Following on from yesterday’s trip to Upper Silesia to see Górnik Zabrze take on Lechia Gdańsk, EKSTRAKLASAreview.co.uk editor Ryan Hubbard spent a not-so-relaxing day in the Lower Silesian city of Wrocław…
Trying to fall asleep on a train isn’t easy. It is especially difficult when you know that you really need to fall asleep to stand any chance of staying awake long enough to last a night out. Me? I try for 2 hours to sleep, and then resign myself to the fact that it will only be energy drinks that keep me up through the evening.
A combination of said lack of sleep and the six litres of beer consumed at Wrocław’s Bierhalle meant that upon waking on Sunday morning with a severe headache, my only clear memories of the night involve myself and Michał laughing when Real Betis stick one past Real Madrid, and singing Phil Collins with a taxi driver on the way back to my hotel.
Even though a 9am start allowed for some extra rest, the headphone volume was on low for the tram journey to the city centre, ahead of an 11am kick-off for the A Klasa Grupa Wrocław III (Sixth-tier) tie between Wratislavia Wrocław and Widawa Stradomia. And as Mr Zachodny’s car pulled into the suburban housing estate housing the ground (Michał would normally be playing, but for a torn knee ligament), the game was just getting underway.
With the home side trailing 1-0 at half-time, I realised that this was Sunday morning football like I haven’t witnessed in England. There were no players comically falling over drunk, and there was a flat (although grass-less in parts) surface lending itself nicely to an attempted passing game a million miles from the “long-ball, stuck in the mud”style of play usually seen on the parks of Leicester, London, or wherever, every Sunday morning.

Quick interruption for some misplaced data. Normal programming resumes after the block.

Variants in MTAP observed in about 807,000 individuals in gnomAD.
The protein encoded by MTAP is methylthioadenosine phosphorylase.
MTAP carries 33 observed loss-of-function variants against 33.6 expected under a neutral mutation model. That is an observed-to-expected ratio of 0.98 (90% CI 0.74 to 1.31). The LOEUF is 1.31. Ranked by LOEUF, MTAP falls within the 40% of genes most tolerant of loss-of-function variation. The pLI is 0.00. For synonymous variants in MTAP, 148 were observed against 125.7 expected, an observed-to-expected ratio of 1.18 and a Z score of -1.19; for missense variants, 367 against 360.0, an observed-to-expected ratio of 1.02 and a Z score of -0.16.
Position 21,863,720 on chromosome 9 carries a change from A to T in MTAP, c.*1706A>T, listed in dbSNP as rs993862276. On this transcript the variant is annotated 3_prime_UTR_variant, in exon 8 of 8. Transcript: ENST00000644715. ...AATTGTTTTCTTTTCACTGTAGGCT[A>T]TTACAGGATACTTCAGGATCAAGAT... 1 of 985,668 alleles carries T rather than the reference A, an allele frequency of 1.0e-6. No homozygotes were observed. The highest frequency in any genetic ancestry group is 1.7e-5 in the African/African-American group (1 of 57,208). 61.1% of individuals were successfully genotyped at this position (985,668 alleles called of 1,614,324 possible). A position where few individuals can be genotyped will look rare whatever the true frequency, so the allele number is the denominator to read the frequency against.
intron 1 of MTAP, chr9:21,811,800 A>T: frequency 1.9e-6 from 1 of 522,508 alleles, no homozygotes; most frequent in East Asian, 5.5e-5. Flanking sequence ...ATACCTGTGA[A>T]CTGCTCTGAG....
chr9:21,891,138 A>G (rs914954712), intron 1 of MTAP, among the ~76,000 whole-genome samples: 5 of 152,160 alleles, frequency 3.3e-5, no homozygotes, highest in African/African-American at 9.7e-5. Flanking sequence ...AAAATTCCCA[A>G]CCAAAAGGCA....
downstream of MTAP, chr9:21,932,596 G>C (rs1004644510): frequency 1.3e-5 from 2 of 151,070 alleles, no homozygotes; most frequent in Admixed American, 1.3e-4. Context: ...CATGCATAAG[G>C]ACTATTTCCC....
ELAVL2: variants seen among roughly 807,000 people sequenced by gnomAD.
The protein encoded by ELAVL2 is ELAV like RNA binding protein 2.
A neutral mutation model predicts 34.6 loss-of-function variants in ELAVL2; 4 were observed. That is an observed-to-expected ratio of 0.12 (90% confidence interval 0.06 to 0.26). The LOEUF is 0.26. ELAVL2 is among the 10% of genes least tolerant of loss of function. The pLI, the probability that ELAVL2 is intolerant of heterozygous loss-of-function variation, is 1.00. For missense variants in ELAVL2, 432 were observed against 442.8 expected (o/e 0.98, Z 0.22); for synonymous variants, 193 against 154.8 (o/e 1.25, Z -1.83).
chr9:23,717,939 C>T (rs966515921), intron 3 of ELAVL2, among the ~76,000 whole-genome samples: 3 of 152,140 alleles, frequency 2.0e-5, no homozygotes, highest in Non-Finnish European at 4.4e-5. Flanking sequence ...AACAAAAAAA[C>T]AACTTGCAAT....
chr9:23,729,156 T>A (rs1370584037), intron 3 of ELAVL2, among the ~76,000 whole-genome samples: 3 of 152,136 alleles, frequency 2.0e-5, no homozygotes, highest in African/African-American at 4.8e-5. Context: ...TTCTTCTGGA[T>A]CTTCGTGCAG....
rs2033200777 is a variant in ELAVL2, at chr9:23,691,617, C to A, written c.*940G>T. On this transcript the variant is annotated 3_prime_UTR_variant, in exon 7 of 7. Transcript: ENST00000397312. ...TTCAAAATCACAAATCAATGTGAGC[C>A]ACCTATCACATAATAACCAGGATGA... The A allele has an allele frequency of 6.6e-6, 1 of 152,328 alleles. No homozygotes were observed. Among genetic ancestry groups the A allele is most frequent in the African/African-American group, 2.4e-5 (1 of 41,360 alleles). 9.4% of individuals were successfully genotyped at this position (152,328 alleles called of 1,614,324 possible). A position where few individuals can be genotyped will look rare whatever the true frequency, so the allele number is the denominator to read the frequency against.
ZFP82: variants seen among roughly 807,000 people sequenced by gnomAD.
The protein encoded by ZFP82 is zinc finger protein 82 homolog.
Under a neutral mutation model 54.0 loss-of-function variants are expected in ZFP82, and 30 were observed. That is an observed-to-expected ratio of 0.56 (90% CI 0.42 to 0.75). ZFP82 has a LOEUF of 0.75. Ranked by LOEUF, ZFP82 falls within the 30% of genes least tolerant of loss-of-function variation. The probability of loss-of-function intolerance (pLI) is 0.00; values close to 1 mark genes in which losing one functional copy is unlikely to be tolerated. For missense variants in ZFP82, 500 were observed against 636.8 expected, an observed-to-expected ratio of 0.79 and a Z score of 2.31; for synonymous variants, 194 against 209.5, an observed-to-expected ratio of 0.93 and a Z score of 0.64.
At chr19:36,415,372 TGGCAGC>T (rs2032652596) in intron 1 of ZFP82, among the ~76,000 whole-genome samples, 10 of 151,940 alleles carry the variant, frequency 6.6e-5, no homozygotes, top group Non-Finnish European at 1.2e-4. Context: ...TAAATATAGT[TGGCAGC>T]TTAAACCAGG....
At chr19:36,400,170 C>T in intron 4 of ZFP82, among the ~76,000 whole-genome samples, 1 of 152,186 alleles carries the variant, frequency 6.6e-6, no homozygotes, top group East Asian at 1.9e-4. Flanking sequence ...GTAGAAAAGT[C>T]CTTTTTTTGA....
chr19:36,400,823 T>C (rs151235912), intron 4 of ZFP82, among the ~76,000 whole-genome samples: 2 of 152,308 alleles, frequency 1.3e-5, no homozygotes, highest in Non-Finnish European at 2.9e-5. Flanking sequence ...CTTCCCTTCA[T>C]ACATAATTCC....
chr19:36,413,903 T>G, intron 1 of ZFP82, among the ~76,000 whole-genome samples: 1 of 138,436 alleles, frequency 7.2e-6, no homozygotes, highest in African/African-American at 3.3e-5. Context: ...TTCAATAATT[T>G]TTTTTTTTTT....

With Wratislavia’s second half equaliser cancelled-out within 20 seconds of the restart, it took a long-distance free-kick and a freak gust of wind to deceive the Widawa goalkeeper, allowing the home side’s number 9 to nod in from close range.
With the points shared, the obligatory floodlight photographs snapped, and a quick chat with a friend of Michał’s – whose Grandmother apparently lives around the corner from myself in Leicester – a journey back to the hotel via the Stadion Olimpijski, and Centenary Hall was needed to prepare for the evening’s game between Śląsk Wrocław and Korona Kielce.
No public transport was needed to reach Wrocław’s new Stadion Miejski – although the hotel was a 20-minute journey to the city centre, it was only a mere 200 metres from the new Euro 2012 venue. I was met outside of the hotel by Michał, as well as Andrzej Gomołysek – editor of the fantastic Taktycznie.net website (Think Zonal Marking for the Ekstraklasa).
The short walk to the stadium was made slightly more difficult than it could have been, with the Media Accreditation collection area on the opposite side to the Media entrance; but once the stadium is fully completed this will surely be rectified.
Loaded up on free refreshments and with the team-sheets tweeted, it was off to our desks for the evening – and boy was it a fantastic view.
Although the pitch wasn’t in the best condition (I think the Wratislavia surface earlier in the day looked a little better), the stadium is even more impressive from the inside than outside. Although there were only 18,000 Śląsk supporters inside the ground (less than half-full), the design of the ground -as well as the fantastic support of the fans who had turned out – made it feel like twice as many. When the European Championships come around in June, the noise will be incredible. The Śląsk supporters seemed intent on displaying their new stadium’s acoustics from the start as the moment’s silence for Smolarek turned into a rapturous applause.